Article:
Atlantic City is getting a new boss.
Rob Long, deputy commissioner of the Department of Community Affairs (DCA), will begin overseeing the Atlantic City government. Long will be taking over the roles vacated by Timothy Cunningham and Jeffrey Chiesa.
The announcement of Cunningham’s decision to leave came as a surprise to the City Council during its regular monthly meeting.
The Press of Atlantic City interviewed Cunningham about his reasons for leaving. “Family interests” is what it all comes down to. Long will begin his new role mid-August when Cunningham formally exits the administration.
Cunningham is the director of the Division of Local Government Services within the DCA. He has been the point person for the state’s management of Atlantic City since 2016. That is when then-Gov. Chris Christie‘s administration seized operational control of Atlantic City after Christie signed the Municipal Stabilization and Recovery Act.
Chiesa, a Christie ally, and his law firm were appointed a state designee by Christie. The firm billed more than $5.1 million since 2016 for legal services related to the management and recovery of the resort town.
Many people, including the Atlantic City City Council, balked at the high price tag. Gov. Phil Murphy relieved Chiesa of his role in spring 2018.
Long taking on a hybrid of responsibilities for Atlantic City
Lisa Ryan, the spokeswoman for the DCA, said the administration “hopes to announce a new Division of Local Government Services director in the near future.” It is in the process of pursuing qualified candidates to move into Cunningham’s position permanently.
Until then, Long is stepping into what he views as a role with a “hybrid” of responsibilities.
“This is a position I asked for and one that I see as critical to strengthening New Jersey,” Long said.
Atlantic City has seen good progress toward returning the management of the city back to local officials. Hundreds of millions of dollars of shuttered properties have been auctioned off, two new casinos opened their doors, and optimism on the Boardwalk hasn’t been this high in years.
Long’s focus will be to partner with the mayor and city council members to keep the momentum going and put the decision-making authority back where it belongs.
In addition to maintaining a focus on strengthening Atlantic City’s financial situation, Long will also assume a seat on the board of the Casino Reinvestment Development Authority.
Cunningham reflects on his tenure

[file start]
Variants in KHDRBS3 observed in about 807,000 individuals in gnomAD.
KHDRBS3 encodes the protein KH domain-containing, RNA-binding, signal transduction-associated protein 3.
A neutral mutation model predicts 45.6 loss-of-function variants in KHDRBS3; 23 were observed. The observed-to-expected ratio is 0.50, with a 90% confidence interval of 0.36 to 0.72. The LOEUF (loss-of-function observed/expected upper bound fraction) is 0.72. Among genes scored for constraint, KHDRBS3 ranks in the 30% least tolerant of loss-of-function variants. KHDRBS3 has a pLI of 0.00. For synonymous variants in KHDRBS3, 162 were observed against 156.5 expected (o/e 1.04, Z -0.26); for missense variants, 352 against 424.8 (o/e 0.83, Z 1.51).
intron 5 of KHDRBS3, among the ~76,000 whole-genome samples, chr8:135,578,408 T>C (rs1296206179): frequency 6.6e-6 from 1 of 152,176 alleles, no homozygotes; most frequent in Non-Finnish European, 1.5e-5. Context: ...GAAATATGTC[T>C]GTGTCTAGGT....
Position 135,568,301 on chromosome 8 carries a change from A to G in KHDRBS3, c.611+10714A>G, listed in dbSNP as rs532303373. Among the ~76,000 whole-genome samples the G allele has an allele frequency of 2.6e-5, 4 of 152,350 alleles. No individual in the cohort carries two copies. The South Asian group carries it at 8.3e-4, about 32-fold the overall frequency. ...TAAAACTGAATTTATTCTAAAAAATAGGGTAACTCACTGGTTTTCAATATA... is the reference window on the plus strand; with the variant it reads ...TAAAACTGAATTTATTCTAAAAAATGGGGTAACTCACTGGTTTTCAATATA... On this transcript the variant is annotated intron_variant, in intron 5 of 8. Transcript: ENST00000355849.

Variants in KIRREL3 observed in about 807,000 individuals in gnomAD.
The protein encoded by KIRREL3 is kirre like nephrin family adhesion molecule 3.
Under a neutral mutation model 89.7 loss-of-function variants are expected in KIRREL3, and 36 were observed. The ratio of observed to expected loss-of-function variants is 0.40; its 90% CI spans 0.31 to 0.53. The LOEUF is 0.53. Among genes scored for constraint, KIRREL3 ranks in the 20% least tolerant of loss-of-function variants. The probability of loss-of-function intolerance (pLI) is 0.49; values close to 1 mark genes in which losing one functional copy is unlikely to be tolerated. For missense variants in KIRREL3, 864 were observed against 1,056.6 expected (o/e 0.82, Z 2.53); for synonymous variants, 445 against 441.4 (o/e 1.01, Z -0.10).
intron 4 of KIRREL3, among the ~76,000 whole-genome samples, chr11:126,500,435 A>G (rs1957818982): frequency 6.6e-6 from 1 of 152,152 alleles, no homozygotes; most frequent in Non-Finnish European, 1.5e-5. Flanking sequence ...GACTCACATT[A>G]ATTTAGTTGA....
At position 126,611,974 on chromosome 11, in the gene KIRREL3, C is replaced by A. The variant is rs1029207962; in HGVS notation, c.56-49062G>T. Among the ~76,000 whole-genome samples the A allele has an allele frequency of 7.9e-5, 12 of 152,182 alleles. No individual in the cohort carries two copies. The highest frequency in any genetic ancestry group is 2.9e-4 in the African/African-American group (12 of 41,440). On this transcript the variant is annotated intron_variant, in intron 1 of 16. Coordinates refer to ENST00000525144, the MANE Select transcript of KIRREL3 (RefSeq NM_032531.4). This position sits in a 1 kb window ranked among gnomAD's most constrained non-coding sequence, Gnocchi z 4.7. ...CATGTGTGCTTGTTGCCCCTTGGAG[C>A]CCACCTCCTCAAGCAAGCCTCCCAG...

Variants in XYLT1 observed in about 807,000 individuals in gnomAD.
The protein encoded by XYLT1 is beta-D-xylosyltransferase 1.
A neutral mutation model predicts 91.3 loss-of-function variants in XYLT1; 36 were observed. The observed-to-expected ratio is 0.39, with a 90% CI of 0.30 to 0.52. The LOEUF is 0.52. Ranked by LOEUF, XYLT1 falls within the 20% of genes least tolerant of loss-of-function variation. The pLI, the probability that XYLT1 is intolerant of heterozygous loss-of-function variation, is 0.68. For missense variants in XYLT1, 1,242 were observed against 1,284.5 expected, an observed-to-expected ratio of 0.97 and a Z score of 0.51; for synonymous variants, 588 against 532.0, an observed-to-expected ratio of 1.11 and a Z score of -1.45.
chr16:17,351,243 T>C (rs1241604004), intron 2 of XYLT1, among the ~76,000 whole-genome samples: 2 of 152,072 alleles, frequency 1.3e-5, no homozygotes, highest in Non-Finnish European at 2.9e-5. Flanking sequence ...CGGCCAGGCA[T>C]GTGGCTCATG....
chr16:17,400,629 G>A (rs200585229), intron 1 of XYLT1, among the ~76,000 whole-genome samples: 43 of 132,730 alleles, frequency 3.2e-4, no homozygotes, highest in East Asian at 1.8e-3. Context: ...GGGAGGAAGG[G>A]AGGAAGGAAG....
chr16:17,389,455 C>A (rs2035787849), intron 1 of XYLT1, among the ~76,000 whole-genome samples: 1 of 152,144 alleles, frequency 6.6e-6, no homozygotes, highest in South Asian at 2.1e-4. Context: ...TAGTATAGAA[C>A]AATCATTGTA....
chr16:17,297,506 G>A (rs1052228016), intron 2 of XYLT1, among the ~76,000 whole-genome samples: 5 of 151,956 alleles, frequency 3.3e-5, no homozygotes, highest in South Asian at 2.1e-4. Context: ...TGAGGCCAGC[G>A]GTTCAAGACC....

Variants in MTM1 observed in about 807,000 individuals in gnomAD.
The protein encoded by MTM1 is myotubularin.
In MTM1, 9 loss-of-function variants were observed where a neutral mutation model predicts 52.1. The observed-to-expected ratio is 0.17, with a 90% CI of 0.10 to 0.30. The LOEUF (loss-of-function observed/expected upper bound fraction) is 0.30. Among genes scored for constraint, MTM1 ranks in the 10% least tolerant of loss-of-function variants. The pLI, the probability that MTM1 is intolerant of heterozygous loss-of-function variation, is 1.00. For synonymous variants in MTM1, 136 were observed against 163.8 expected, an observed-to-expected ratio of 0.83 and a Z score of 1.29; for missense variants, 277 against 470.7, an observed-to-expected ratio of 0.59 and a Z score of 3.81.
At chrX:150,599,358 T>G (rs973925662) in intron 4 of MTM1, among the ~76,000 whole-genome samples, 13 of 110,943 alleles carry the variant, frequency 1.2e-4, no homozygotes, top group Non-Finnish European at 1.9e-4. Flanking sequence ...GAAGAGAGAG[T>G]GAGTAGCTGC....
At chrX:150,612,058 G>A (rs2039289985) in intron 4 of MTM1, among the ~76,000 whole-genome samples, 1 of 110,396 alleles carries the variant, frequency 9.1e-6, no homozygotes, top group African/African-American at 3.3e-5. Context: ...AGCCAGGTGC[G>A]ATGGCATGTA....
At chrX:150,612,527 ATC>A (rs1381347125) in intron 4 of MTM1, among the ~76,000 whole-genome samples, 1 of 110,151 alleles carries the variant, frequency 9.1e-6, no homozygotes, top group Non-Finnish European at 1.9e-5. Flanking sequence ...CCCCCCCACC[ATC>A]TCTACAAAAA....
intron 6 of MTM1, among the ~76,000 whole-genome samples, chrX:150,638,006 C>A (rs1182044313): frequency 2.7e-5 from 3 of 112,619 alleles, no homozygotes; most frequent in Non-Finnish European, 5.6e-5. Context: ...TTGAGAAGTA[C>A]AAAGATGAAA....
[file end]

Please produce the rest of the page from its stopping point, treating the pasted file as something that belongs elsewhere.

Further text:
Cunningham spoke with the lieutenant governor and DCA commissioner, Sheila Oliver, back in December about his decision to transition out of his role. His initial timeline was early June.
“It took a little bit longer,” Cunningham said. “But I have a wonderful relationship with the lieutenant governor, and I’m leaving for no other reason than personal circumstances.”
Cunningham has been managing Atlantic City for more than three years. His responsibilities included control over all financial and hiring decisions. The daily involvement involved a tremendous amount of authority.
“I lost sleep over it some nights,” he said. “It’s an enormous responsibility.”
Even so, Cunningham counts the ability to “stabilize the decision-making process” at city hall as one of his biggest successes.
It’s no surprise the relationship between local officials and Cunningham was tense at first. That didn’t stop the teamwork required to pass two budgets that helped ease the tax burden on property owners and residents.
The city council publicly honored Cunningham in July. Cunningham was moved to tears by the gesture.
“We have a history that goes back but I’ve always respected his professionalism,” said Council President Marty Small Sr. “He had to make tough decisions. … Getting to know him better, personally and professionally, I came to believe, and many of my colleagues up here (on the dais), even though we had tremendous disagreements with him on some decisions, we can honestly say, as we sit here today, (from) where we were two years ago, he definitely cares about Atlantic City.”
Cunningham plans on returning to private practice and will be joining Archer & Greiner, a law firm with several offices in New Jersey, plus Delaware, New York and Pennsylvania.